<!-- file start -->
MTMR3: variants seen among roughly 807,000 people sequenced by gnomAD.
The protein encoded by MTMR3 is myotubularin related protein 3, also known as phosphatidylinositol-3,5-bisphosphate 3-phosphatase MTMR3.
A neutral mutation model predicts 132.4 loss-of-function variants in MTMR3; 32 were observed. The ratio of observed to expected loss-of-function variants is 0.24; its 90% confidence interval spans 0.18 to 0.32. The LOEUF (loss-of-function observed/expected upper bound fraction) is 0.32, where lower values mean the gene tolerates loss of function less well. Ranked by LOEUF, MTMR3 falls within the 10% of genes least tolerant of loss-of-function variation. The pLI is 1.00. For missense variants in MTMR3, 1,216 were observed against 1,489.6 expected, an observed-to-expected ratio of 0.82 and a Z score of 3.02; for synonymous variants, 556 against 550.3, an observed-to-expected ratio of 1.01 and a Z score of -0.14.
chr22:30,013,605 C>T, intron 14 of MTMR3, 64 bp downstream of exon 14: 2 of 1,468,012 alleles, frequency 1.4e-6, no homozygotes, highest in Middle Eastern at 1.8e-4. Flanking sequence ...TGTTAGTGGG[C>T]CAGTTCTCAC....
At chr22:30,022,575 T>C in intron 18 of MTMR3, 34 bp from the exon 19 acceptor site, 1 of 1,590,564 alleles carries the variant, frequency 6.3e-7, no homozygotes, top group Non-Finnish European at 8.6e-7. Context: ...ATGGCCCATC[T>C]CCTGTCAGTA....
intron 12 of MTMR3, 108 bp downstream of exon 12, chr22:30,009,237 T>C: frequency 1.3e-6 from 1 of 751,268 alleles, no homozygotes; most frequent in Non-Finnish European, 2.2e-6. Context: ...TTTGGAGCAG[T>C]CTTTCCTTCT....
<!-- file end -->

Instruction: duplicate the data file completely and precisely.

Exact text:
MTMR3: variants seen among roughly 807,000 people sequenced by gnomAD.
The protein encoded by MTMR3 is myotubularin related protein 3, also known as phosphatidylinositol-3,5-bisphosphate 3-phosphatase MTMR3.
A neutral mutation model predicts 132.4 loss-of-function variants in MTMR3; 32 were observed. The ratio of observed to expected loss-of-function variants is 0.24; its 90% confidence interval spans 0.18 to 0.32. The LOEUF (loss-of-function observed/expected upper bound fraction) is 0.32, where lower values mean the gene tolerates loss of function less well. Ranked by LOEUF, MTMR3 falls within the 10% of genes least tolerant of loss-of-function variation. The pLI is 1.00. For missense variants in MTMR3, 1,216 were observed against 1,489.6 expected, an observed-to-expected ratio of 0.82 and a Z score of 3.02; for synonymous variants, 556 against 550.3, an observed-to-expected ratio of 1.01 and a Z score of -0.14.
chr22:30,013,605 C>T, intron 14 of MTMR3, 64 bp downstream of exon 14: 2 of 1,468,012 alleles, frequency 1.4e-6, no homozygotes, highest in Middle Eastern at 1.8e-4. Flanking sequence ...TGTTAGTGGG[C>T]CAGTTCTCAC....
At chr22:30,022,575 T>C in intron 18 of MTMR3, 34 bp from the exon 19 acceptor site, 1 of 1,590,564 alleles carries the variant, frequency 6.3e-7, no homozygotes, top group Non-Finnish European at 8.6e-7. Context: ...ATGGCCCATC[T>C]CCTGTCAGTA....
intron 12 of MTMR3, 108 bp downstream of exon 12, chr22:30,009,237 T>C: frequency 1.3e-6 from 1 of 751,268 alleles, no homozygotes; most frequent in Non-Finnish European, 2.2e-6. Context: ...TTTGGAGCAG[T>C]CTTTCCTTCT....